Below are the M3AAWG published materials related to our work on preventing and mitigating malware. There is also a Mobile video playlist on our YouTube channel at www.youtube.com/maawg and there are a few selected videos on our website in the Training Videos and Keynotes Videos sections under the Meetings menu tab.
These industry best practices are intended to help mitigate the abuse of mobile messaging (i.e., SMS, MMS and RCS), including text messaging and connected services. The guidelines outlined here will assist service providers and vendors in maintaining practical levels of trust and security across an open, globally-interconnected messaging environment. Updated August 2015.
Written in plain language by M3AAWG and the London Action Plan (LAP), Operation Safety-Net outlines the current and emerging threats faced by consumers, businesses and governments with recommended best practices to address these threats. For a brief overview of the document, see the brochure explaining the global depth and breadth of these best practices in the Supporting Documents section from the For the Industry menu tab.
These industry best practices are intended to help mitigate the abuse of mobile messaging (i.e., SMS, MMS and RCS), including text messaging and connected services. The guidelines outlined here will assist service providers and vendors in maintaining practical levels of trust and security across an open, globally-interconnected messaging environment.
M3AAWG Network Address Translation Best Practices: The Implications of Large Scale NAT for Security Logging
Provides guidance for system operators, network designers, security professionals and Internet Service Providers about potential issues associated with Large Scale Network Address Translation systems.
Public Policy Comments
MAAWG offered comments on the U.S. Department of Homeland Security’s strategy in July 2010
The U.S. Department of Homeland Security’s draft plan is focused on maintaining a secure cyberspace, which is critical to the health of the economy and national security. It outlines how the federal government might address the recent and alarming rise in online fraud, identity theft, and misuse of information online.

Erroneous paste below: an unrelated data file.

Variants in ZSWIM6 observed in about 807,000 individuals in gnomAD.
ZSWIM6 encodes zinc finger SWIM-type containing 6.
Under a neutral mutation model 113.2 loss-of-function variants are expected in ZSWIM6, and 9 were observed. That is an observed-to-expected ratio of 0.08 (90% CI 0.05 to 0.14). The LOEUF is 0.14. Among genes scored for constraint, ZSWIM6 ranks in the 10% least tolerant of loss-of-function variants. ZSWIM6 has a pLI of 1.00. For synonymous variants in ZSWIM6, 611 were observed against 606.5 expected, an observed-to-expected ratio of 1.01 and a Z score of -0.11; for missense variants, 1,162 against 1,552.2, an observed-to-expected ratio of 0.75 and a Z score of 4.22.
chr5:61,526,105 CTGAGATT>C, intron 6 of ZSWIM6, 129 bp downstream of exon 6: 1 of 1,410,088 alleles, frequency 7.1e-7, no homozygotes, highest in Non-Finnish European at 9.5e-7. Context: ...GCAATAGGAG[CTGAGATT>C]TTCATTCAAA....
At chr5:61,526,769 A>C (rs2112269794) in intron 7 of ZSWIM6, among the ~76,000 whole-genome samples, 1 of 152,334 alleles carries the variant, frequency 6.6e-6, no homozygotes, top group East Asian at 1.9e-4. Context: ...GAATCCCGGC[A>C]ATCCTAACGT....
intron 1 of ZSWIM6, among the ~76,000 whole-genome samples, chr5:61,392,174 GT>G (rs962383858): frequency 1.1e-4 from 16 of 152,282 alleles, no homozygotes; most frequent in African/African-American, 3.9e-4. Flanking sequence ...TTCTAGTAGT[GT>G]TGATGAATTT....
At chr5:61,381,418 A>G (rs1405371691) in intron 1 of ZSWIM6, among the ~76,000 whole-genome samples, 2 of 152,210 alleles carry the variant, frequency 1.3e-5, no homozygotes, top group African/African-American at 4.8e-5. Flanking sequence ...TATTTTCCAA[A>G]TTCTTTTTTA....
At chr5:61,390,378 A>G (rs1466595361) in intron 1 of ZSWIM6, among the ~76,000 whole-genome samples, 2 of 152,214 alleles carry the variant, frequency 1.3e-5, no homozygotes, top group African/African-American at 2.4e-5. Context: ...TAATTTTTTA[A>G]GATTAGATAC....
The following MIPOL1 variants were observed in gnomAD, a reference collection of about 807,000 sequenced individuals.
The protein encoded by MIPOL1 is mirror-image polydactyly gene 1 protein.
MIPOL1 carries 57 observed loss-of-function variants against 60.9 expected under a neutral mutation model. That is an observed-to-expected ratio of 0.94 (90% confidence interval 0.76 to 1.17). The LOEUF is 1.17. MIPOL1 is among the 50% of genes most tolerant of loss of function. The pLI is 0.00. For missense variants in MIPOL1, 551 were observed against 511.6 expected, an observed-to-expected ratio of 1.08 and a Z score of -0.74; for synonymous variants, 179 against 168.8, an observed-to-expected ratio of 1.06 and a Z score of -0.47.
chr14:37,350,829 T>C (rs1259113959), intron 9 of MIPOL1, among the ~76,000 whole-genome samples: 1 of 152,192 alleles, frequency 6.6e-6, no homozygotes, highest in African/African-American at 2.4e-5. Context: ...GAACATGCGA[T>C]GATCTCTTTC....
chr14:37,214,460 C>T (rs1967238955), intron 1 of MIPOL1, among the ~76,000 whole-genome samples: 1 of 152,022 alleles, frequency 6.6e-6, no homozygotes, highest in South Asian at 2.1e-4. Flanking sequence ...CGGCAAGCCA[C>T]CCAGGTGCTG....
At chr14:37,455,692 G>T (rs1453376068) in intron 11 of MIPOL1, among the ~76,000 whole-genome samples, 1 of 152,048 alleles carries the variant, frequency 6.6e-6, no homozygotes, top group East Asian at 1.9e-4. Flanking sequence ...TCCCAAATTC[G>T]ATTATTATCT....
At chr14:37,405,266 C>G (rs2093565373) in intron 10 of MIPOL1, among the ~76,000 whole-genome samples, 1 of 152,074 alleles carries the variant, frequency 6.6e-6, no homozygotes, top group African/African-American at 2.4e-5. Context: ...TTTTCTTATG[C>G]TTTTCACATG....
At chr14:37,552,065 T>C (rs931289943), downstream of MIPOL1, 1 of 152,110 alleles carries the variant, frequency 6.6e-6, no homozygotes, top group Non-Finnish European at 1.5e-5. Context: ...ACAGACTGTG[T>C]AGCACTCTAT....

MAAWG submitted comments in March 2010. As recommended by MAAWG and others, ARIN changed course on this topic.
The initial draft policy would have allowed ISPs to hide the true customer of a domain name. The revised Version 2 policy that was implemented recognized the need for the customer name to remain in the SWIP and RWHOIS information.
Updates and Commentary from the Messaging, Malware and Mobile Anti-Abuse Working Group
None at this time.
Incoming State Attorneys General Association President McKenna and FTC Consumer Protection Director Vladeck To Address Online Protection at MAAWG; Global Gathering Tackles Cybersecurity Policy, Technology, Mobile and Social Platforms
MAAWG Develops First Industry Best Practices for Protecting Web Messaging Consumers; Also Issues Practices for Email Complaint Feedback Loops and Evaluating Anti-Abuse Products for Email Operators
Facebook and Tata Communications Join MAAWG Board of Directors; Will Fight Spam and Online Abuse with Global Industry Organization
Articles About M3AAWG
Cable operators are working to prevent disruptions to their networks caused by the streaming of pirated content and DDoS attacks. The article calls out CableLabs’ work with M3AAWG on the DDoS Information Sharing Project.
Anna Ward, Postmark’s head of deliverability, discusses her path to becoming an email deliverability expert and the impact of being a part of the M3AAWG community on her work.
EXPERTS TO FCC: CHANGE COURSE ON BROADBAND PRIVACY RULES INDUSTRY GROUPS AND EXPERTS AGREE: THE FCC MUST CHANGE COURSE ON BROADBAND PRIVACY
Fixed Wireless Internet Service Providers Association
"A coalition of industry groups including WISPA, CTA, CTIA, and US Telecom today published a joint article in opposition to the FCC’s proposed new rules for broadband privacy protection . . . The Messaging, Malware and Mobile Anti-Abuse Working Group similarly warned that the rules as currently framed could inadvertently undermine cooperation and communication needed to secure the web from malware, viruses and hackers online. . . "